An amatuerish question – what resolution and dpi were the images taken by the camera and how did you reduce the size for the Web without ruining the quality. My mickey mouse camera is set to photograph at 2816X2112 and I view on my computer at 72 dpi. When I try to reduce the size (resize function) to use on a website using Paint Shop Pro software I end up with poor quality pixilated images.

    PS Todd’s Restaurant at Ryan Field in southwest Tucson belongs to my daughter Shari Scott. Have breakfast or lunch there and tell her to bill it to me.

    PPS We are friends of Reanne and Don Douglass and drive a Grand Banks 42 Motoryacht in the Salish Sea.

  4. Steve Dashew Says:

    The Sony 7R images are 7360 x 4912 pixels. The 7A is 6000 x 4000. We export from Lightroom as a TIFF at whatever width we need, typically 950 to 1100 pixels. These files are then compressed in Photoshop. Have eaten many meals at Ryan. Small world.

  5. quoc Says:

    I find the ergonomics on the A7 and A7S not well thought out but few reviews mention about this. Another viable mirrorless alternative with a vast range of smaller, lighter and and equally excellent optics is the Panasonic GH4 or Olympus E-M1 (both bodies are weather sealed). Although the micro four third sensor is only 16mpx versus the full frame 24mpx on the A7, it is very hard to tell differences between the two. On video capabilities, which are important for me, the Gh4 far outclasses what is available currently from Sony, Canon or Nikon.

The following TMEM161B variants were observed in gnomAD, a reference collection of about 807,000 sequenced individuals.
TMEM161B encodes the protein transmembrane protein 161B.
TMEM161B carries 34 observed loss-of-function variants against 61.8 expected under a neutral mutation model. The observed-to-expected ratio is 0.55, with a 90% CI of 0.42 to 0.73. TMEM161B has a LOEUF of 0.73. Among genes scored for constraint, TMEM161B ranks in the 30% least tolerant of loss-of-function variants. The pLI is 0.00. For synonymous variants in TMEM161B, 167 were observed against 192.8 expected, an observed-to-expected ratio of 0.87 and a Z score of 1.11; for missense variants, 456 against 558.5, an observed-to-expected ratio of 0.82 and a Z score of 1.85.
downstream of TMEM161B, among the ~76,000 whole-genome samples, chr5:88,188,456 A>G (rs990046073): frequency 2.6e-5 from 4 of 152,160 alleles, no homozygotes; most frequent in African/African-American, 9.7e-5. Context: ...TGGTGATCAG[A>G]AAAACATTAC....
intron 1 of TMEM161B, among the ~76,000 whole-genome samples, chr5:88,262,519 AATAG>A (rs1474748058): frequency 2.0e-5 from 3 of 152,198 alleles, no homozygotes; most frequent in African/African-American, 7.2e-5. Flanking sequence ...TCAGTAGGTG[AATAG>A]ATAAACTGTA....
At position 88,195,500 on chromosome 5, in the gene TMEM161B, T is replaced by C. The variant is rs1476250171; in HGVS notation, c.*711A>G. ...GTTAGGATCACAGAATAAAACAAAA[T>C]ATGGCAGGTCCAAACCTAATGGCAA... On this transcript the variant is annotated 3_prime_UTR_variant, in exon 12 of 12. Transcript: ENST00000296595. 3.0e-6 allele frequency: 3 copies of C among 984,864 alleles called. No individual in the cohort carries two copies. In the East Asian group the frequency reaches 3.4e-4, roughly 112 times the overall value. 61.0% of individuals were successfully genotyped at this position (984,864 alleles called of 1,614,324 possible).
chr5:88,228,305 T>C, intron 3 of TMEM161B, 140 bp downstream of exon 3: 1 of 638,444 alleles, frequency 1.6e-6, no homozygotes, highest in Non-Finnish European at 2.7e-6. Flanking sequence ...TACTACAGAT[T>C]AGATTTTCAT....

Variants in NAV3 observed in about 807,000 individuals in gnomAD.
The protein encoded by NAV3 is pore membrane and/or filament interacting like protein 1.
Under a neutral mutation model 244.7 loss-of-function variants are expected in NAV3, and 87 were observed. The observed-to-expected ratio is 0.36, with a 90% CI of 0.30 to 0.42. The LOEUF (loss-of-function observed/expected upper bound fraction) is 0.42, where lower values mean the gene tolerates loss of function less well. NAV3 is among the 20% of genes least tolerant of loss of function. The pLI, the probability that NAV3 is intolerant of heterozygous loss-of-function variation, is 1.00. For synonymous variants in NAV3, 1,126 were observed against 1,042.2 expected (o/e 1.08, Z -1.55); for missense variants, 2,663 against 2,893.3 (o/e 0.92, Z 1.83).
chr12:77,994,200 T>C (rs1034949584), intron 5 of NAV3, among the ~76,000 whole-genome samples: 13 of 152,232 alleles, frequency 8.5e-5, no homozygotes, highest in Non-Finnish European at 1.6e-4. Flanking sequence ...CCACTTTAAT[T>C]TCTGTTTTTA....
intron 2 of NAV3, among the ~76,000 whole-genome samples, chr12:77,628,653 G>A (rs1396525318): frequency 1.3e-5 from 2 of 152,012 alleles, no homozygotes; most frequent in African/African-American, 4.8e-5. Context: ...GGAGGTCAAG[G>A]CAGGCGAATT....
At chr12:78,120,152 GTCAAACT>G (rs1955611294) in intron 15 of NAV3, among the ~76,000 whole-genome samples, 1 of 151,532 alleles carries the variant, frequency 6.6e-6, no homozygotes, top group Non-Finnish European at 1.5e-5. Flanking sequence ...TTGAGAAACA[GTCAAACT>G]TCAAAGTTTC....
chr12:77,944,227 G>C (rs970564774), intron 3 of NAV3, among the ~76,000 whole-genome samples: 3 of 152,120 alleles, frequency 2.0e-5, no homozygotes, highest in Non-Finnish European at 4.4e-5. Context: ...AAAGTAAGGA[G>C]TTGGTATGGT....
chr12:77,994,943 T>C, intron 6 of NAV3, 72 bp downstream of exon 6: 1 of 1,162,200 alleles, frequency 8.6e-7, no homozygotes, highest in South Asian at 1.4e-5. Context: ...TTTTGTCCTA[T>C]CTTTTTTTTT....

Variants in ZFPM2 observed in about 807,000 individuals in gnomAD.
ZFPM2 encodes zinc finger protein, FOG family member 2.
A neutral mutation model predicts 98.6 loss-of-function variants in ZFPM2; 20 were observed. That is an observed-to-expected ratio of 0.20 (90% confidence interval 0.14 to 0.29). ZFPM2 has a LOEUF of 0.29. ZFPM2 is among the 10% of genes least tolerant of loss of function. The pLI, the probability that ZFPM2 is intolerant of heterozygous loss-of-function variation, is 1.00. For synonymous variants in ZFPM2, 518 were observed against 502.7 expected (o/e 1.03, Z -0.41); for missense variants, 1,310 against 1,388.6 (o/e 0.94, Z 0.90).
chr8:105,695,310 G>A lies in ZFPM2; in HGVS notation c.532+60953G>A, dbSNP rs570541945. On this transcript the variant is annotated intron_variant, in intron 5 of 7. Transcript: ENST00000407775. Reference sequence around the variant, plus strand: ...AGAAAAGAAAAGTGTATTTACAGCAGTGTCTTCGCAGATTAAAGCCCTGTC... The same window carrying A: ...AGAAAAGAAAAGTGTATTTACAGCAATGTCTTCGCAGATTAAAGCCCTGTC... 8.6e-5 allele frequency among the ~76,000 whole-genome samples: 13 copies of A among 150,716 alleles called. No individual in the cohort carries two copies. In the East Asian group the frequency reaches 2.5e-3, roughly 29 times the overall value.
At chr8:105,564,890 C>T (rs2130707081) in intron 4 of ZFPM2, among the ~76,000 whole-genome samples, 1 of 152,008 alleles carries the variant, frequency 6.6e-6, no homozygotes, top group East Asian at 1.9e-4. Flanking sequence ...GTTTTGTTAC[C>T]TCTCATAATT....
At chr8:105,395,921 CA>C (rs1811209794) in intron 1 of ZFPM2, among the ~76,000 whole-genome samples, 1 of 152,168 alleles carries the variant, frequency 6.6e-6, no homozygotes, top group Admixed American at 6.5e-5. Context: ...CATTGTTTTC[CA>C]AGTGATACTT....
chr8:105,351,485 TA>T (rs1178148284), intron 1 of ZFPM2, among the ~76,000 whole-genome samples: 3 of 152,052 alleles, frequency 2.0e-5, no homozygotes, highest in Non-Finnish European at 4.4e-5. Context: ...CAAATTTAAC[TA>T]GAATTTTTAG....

6. Steve Dashew Says:

    We know several very accomplished phototographers who like the Olympus 4/3rd series. For us, the sensor size and ability to use our Canon glass makes thes Sony bodies the only answer at present.

  7. Steve Steinhardt Says:

    How do you think it will work for auto racing photos ? Ie.speed of focusing at high shutter speeds in conjunction with motor drive use. Your photographs are incredible !

  8. Steve Dashew Says:

    The 7A should be OK for panning shots but not with the race car coming at or going away from you.